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Nightmare of 8 Dec 2006: 3D Medusa coloring?

 
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istvan
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Joined: 10 Nov 2006
Posts: 4
Location: Budapest, Hungary

PostPosted: Fri Dec 08, 2006 11:24 pm    Post subject: Nightmare of 8 Dec 2006: 3D Medusa coloring? Reply with quote

After several steps the grid looks like this:
Code:
.------------------.------------------.------------------.
| 8     46    369  | 7     2     13   | 5     1469  349  |
| 7     1     23569| 359   359   4    | 2389  268   239  |
| 345   245   2359 | 6     1359  8    | 239   1249  7    |
:------------------+------------------+------------------:
| 125   9     16   | 58    158   136  | 4     7     235  |
| 1245  456   7    | 359   13459 136  | 239   259   8    |
| 45    3     8    | 2     4579  79   | 1     59    6    |
:------------------+------------------+------------------:
| 13    25    13   | 4     6     79   | 2789  289   259  |
| 6     8     24   | 1     79    5    | 279   3     249  |
| 9     7     45   | 38    38    2    | 6     45    1    |
'------------------'------------------'------------------'

SudoCue suggests 3D Medusa Coloring with 2 linked clusters that eliminates (3)r5c6. One of the clusters (a long one) ends at (6)r45c6, the other shown by SudoCue is a short one, with only 2 cells: (3)r4c9=(3)r5c7.
Code:
.------------------.------------------.------------------.
| 8     #4*6  369  | 7     2     13   | 5     1469  3!49 |
| 7     1     23569| 359   359   4    | 2389  268   239  |
| #345  245   2359 | 6     1359  8    | 239   1249  7    |
:------------------+------------------+------------------:
| 125   9     #1*6 | 58    158   13#6 | 4     7     2$3!5|
| 1245  45#6  7    | 359   13459 13*6 | 2@39  259   8    |
| 45    3     8    | 2     4579  79   | 1     59    6    |
:------------------+------------------+------------------:
| #1*3  25    *1#3 | 4     6     79   | 2789  289   259  |
| 6     8     24   | 1     79    5    | 279   3     249  |
| 9     7     45   | 38    38    2    | 6     45    1    |
'------------------'------------------'------------------'

Above the colors of the chains are marked with */# and @/$. I don't see the link between the two chains. I tried adding (3)r4c6 to the short chain thus making a bridge between the two but it doesn't make a conflict for (3)r5c6 (the colors are not opposite).

I could make a conflict with a third cluster though: (4)r1c2 - (4)r1c9=(4)r8c9=(4=5)r9c8=(5)r7c9=(5)r4c9 - (3)r4c9 (I wrote the 2 weak links making the bridges also to the ends of this chain -- (4)r1c2 also belongs to the big first chain with the same color as (6)r4c6). Is this the Medusa SudoCue suggests (maybe, as SudoCue shows two yellow cells as well: (4)r1c9 and (5)r4c9 shown with ! above) or is there a simpler bridge?

I can see a little bit simpler pattern making the same elimination: If r1c3 couldn't be 3 then r1c69 with box 6 would be an Empty Rectangle on candidate 3 eliminating r5c6. Now if r1c3==3 then there is a short chain: r7c3==1 => r4c3==6 => r4c6<>6 => r5c6==6, so (3)r5c6 can be removed.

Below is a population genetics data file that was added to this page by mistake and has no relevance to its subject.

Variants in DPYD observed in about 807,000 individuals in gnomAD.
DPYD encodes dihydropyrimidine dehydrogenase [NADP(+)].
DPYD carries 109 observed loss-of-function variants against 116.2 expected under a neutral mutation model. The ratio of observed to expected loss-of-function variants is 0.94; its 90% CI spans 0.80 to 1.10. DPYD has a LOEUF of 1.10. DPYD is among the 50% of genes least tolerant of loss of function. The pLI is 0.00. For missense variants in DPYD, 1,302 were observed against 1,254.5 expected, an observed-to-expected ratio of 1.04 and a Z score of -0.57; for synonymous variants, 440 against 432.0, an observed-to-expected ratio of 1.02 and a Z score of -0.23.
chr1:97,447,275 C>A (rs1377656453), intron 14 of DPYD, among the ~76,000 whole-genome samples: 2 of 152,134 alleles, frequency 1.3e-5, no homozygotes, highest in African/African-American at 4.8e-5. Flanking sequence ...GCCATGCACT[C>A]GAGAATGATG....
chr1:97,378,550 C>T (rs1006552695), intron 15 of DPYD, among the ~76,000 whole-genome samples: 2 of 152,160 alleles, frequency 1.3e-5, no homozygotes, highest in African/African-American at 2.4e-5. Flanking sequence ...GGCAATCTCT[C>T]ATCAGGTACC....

Well, this combination of an ER and a 3D Chain is not easy to spot but probably easier than 3 bridged clusters. But of course they are not equivalent...

Istvan
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Ron Moore
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Joined: 13 Aug 2006
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PostPosted: Sat Dec 09, 2006 8:36 pm    Post subject: In Agreement Reply with quote

istvan,

I have to say I agree with you, but I must admit I'm still mostly a 2-D thinker, as I haven't really begun trying to use Medusa coloring as such. I could not reproduce the clusters that you posted, even after playing around with my solver settings. When I finally did come up with a Medusa coloring position, it was a different one than what you showed. Maybe we have different versions of the Sudocue solver. Anyway, taking you at your word, I did not see any obvious way to join up the two chains you show. It doesn't seem like a chain with only two cells can be of much use.

I'm beginning to feel comfortable with grouped chains, and I think that in some cases they can in effect bridge the gap between two Medusa clusters. For what it's worth, in my solution I found a grouped chain in a position somewhat like yours. It still holds in your position (reproduced below).
Code:

.------------------.------------------.------------------.
| 8     46    369  | 7     2     13   | 5     1469  349  |
| 7     1     23569| 359   359   4    | 2389  268   239  |
| 345   245   2359 | 6     1359  8    | 239   1249  7    |
:------------------+------------------+------------------:
| 125   9     16   | 58    158   136  | 4     7     235  |
| 1245  45-6  7    | 359   13459 136  | 239   259   8    |
| 45    3     8    | 2     4579  79   | 1     59    6    |
:------------------+------------------+------------------:
| 13    25    13   | 4     6     79   | 2789  289   259  |
| 6     8     24   | 1     79    5    | 279   3     249  |
| 9     7     45   | 38    38    2    | 6     45    1    |
'------------------'------------------'------------------'

It actually gives a bit more than r5c6 <> 3 -- it gives r5c2 <> 6 which immediately gives r5c6=6 (since (6)r5c2 = (6)r5c6).

The chain begins much like your suggested third cluster.

(6=4)r1c2 - (4)r1c9 = (4)r8c9 - (4=5)r9c8 - (5=293)r5c78|r6c8 - (3)r5c456 = (3)r4c6 - (3=16)r15c6 => r5c2 <> 6